The receiver 1 receives radio transmissions via an aerial 12 and supplies an output to an input of the datalink processor 2. The datalink processor 2 provides a display driver signal on line 15 to the display unit 4 which causes the display unit to provide a visual display in alphanumeric form of the signals received by the receiver 1 from a transmitting station 6 on the ground. The transmitting station 6 transmits air traffic control commands to identified aircraft so as to control movement of aircraft, for example, in and around airports and when taxing on the ground. In the example shown, the air traffic control signal is for the aircraft to turn left to a heading of 250 degrees. This is displayed on the unit 4 by the legend "TURN LEFT 250".
The display unit 4 has a matrix array of LED's 40 which may be of different colors so as to enable display representations to be in different colors. Typically, the usable size of the display unit 4 is about 20 cm wide by 3 cm high which is sufficient to enable short messages to be displayed with high visibility.
The display unit 4 is not dedicated to display of air traffic control information but is used to display several different forms of important information of the kind having an immediate effect on the flight path of the aircraft. The use of the display unit 4 is confined to these important messages, other messages being displayed on the aircraft's MCDU (multi-function control display unit) 7 or on the EFIS/EICAS (electronic flight instrumentation system/engine indication and crew alerting system) 8. In this way, the pilot knows that, when a message appears on the display unit 4, it must be acted on with priority. The location of the display unit 4 in the glareshield 5 means that any change in the appearance of the unit is immediately apparent in the peripheral field of view of the pilot when he is looking forwardly through the aircraft window 50, or inside at the main instrument panels. The display unit 4 has an optional acknowledge button 41, or other manually-operable control, which the pilot presses when he has entered the new heading in the aircraft's autopilot 9. This causes a signal to be sent from the display unit 4 to the processor 2, and from there to the receiver 1 which transmit a message to the ground station 6, to acknowledge that the command signals have been acted on. Alternatively, the autopilot 9 may have a direct link 90 to the processor 2 so that the act of entering in a new heading to the autopilot automatically causes the acknowledge signal to be transmitted to the ground station 6.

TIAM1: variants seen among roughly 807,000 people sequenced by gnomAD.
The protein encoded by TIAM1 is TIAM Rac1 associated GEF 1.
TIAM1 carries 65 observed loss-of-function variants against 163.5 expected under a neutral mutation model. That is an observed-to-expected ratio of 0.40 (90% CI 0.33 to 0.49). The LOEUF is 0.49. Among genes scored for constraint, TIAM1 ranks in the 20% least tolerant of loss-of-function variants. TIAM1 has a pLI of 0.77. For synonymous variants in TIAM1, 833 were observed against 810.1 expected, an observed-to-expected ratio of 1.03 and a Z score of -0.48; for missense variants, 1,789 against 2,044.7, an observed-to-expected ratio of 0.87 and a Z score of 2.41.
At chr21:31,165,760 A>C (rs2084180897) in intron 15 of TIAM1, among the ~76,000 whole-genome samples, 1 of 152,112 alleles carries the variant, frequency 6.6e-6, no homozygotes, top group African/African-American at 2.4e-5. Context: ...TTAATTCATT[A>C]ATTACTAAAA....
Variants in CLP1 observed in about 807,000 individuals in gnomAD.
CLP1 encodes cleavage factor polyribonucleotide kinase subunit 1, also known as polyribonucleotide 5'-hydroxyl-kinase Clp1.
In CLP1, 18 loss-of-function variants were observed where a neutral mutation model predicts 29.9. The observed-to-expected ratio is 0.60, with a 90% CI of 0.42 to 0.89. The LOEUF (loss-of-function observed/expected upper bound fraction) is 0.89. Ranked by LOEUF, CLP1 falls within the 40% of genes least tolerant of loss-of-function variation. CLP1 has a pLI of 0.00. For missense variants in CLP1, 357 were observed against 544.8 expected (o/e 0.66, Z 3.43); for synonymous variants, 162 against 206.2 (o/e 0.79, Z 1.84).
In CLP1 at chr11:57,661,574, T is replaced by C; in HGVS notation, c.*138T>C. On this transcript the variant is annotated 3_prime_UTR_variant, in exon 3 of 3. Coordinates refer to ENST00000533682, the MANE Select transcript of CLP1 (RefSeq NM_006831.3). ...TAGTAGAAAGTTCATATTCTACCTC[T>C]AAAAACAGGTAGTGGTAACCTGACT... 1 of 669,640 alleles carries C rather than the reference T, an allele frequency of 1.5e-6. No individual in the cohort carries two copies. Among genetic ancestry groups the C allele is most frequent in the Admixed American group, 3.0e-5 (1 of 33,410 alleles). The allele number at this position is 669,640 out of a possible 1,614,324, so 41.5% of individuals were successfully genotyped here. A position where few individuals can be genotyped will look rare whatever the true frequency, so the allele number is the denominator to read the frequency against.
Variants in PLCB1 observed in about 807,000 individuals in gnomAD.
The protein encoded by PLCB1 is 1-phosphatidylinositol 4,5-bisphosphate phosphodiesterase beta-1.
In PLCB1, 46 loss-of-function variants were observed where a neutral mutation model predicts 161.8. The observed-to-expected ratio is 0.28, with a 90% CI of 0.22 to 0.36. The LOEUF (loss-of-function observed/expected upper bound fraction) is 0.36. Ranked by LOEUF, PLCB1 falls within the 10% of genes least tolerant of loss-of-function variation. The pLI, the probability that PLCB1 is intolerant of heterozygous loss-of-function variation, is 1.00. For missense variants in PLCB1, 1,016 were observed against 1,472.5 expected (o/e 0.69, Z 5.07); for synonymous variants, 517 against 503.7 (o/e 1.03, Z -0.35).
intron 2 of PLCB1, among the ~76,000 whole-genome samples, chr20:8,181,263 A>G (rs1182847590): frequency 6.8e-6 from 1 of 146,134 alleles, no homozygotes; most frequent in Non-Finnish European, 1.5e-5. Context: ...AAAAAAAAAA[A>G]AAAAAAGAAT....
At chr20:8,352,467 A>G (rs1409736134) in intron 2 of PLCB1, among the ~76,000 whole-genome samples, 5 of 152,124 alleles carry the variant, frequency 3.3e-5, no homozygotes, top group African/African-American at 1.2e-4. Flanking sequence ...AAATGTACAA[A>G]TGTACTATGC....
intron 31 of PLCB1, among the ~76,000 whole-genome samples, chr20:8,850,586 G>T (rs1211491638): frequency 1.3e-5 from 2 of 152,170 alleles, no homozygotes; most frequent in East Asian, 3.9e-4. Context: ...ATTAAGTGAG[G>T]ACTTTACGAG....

In addition to the air traffic command signals, the display unit 4 displays (at different times) the following information: TCAS, collison avoidance instruction; ground roll guidance with distance-to-go information; and radar altimeter with flare height information.
The TCAS information is presented in the same manner as described in GB 2226924A.